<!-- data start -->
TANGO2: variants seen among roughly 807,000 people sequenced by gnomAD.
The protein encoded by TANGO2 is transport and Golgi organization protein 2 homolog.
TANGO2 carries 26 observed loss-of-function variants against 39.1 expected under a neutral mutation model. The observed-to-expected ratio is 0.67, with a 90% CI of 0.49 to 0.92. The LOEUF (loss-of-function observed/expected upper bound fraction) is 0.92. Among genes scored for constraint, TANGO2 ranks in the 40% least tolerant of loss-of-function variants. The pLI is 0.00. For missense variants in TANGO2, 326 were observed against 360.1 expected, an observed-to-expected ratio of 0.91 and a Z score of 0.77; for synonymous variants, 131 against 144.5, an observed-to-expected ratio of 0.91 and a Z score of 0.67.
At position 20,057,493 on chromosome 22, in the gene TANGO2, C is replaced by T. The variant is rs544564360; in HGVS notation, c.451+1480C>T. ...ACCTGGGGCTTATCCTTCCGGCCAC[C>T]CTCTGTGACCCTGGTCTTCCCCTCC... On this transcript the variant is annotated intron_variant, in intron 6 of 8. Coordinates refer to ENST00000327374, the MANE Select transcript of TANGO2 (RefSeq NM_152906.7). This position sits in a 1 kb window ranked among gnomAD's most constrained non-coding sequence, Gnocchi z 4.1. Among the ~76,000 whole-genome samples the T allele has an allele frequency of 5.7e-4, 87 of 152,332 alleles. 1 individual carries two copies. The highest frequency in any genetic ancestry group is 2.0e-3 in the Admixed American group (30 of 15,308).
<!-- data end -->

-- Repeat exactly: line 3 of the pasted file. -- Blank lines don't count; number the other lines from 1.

TANGO2 carries 26 observed loss-of-function variants against 39.1 expected under a neutral mutation model. The observed-to-expected ratio is 0.67, with a 90% CI of 0.49 to 0.92. The LOEUF (loss-of-function observed/expected upper bound fraction) is 0.92. Among genes scored for constraint, TANGO2 ranks in the 40% least tolerant of loss-of-function variants. The pLI is 0.00. For missense variants in TANGO2, 326 were observed against 360.1 expected, an observed-to-expected ratio of 0.91 and a Z score of 0.77; for synonymous variants, 131 against 144.5, an observed-to-expected ratio of 0.91 and a Z score of 0.67.